Why are we attracted to old objects? Perhaps because what we see in them is a life we did not live ourselves, making us forget about the transience of our own lives.

There is a story hidden in every object. But the object can tell its story only if we find out what it is, what its function is, who made it, where and when it was made, what its composition is, what material it is made of, and whether it is an original or perhaps a forgery.

In our search for answers, we turn to the methods of the social sciences, such as comparative and expert methods or style analysis. Quite often problems cannot be solved in this way, as differences cannot be detected with the naked eye. Following the development of advanced methods in the natural sciences, such questions are no longer a mystery, and the results of these analyses can provide realistic answers, but they must be interpreted from the viewpoint of the social sciences. This is how we learn about the material culture of a certain area and about trade routes, while the material used tells us about raw materials and technologies, and we can also establish whether a work of art is genuine, as well as select the most suitable restoration procedures.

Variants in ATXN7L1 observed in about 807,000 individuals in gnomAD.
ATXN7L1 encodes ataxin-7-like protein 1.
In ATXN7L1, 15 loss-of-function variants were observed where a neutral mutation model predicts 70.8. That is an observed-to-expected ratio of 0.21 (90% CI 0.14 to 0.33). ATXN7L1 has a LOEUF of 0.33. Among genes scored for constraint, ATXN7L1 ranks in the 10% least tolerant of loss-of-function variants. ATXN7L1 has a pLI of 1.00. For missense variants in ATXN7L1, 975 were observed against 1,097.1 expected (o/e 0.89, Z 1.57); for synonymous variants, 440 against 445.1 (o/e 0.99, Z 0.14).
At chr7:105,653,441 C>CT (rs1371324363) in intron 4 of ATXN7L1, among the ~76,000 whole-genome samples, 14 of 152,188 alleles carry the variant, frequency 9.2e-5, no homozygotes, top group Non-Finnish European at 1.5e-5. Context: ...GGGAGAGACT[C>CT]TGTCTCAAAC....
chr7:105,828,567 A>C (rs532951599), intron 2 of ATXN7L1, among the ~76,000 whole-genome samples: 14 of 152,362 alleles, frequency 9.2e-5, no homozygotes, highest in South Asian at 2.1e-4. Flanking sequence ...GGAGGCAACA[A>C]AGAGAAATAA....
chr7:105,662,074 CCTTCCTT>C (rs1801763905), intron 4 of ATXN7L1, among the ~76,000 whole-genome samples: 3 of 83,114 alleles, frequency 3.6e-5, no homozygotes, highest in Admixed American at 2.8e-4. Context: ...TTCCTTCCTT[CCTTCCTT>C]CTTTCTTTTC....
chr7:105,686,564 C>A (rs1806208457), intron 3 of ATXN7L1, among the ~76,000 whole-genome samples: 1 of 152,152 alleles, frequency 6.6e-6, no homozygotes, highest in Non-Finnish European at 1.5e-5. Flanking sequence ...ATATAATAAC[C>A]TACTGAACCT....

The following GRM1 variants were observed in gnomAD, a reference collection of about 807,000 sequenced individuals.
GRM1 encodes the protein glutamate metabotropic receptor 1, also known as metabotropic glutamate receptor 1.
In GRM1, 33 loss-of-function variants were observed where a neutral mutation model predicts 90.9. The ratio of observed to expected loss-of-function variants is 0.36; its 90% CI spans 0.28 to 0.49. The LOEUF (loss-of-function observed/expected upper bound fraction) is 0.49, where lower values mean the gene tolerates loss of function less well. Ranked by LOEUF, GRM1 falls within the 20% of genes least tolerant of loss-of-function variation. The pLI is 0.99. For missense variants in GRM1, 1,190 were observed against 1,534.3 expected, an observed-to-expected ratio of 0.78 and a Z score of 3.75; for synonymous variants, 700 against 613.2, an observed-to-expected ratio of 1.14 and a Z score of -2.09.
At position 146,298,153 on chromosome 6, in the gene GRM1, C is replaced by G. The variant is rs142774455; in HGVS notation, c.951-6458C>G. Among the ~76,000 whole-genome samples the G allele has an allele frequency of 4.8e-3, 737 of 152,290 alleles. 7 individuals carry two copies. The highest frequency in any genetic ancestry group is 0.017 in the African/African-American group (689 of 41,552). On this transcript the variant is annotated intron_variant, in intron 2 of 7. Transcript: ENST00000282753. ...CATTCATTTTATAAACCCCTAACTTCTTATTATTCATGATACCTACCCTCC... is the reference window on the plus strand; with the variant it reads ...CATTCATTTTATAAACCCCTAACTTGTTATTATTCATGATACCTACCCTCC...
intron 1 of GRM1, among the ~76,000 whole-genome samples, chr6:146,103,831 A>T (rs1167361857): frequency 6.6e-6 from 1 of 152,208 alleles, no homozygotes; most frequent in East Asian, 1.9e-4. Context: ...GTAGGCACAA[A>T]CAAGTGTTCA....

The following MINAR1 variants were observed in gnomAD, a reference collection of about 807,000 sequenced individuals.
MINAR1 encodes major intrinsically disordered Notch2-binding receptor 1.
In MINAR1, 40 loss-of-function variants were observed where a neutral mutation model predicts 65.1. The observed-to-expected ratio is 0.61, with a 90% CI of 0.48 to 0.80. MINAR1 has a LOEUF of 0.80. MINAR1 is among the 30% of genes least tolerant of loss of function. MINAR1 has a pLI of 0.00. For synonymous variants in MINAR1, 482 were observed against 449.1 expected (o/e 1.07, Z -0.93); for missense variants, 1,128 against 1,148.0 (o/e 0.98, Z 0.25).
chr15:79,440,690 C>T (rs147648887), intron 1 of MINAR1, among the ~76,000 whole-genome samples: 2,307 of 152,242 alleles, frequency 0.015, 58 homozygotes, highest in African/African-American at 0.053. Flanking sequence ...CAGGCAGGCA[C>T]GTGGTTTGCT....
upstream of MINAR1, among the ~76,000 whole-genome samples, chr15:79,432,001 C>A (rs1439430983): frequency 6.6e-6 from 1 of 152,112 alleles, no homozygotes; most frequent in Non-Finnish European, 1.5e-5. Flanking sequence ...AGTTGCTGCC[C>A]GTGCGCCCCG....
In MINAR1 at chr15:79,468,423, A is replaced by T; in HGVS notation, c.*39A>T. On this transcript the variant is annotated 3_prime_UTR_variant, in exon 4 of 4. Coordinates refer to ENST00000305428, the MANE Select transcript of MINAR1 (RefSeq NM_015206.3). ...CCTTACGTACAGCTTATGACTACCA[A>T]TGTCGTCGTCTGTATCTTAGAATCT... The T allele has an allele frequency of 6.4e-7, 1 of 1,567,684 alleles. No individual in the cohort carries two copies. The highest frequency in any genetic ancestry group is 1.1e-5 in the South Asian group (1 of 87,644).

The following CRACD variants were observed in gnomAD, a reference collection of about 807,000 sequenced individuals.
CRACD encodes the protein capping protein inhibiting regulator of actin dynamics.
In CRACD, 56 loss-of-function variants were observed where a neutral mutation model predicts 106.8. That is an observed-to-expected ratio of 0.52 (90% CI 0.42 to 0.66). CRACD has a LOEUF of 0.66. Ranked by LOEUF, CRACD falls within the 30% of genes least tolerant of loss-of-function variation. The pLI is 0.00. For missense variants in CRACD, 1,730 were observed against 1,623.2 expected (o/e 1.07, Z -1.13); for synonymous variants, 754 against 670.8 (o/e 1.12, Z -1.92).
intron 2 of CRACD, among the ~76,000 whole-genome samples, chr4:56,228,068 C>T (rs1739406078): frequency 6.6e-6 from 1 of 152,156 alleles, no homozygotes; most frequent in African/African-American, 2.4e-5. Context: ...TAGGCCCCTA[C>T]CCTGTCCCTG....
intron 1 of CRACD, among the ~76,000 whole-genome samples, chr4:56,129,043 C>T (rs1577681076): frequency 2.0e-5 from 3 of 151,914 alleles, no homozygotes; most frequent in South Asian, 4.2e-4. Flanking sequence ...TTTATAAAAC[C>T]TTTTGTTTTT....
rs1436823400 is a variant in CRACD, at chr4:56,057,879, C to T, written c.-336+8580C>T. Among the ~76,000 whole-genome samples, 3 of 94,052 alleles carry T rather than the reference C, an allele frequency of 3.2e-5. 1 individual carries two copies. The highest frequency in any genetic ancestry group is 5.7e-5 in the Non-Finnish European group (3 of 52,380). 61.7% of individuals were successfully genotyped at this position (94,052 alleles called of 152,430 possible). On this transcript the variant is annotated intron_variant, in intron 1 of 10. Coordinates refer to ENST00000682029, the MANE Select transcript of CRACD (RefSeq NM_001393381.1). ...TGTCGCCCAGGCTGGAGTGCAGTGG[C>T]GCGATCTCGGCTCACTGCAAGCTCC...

The exhibition is a result of the research done in the framework of National Museum of Slovenia's research programme Objects and prestige: taste, status, and power (Researches of the material culture in Slovenia), financed by the Ministry of Higher Education, Science and Technology of the Republic of Slovenia.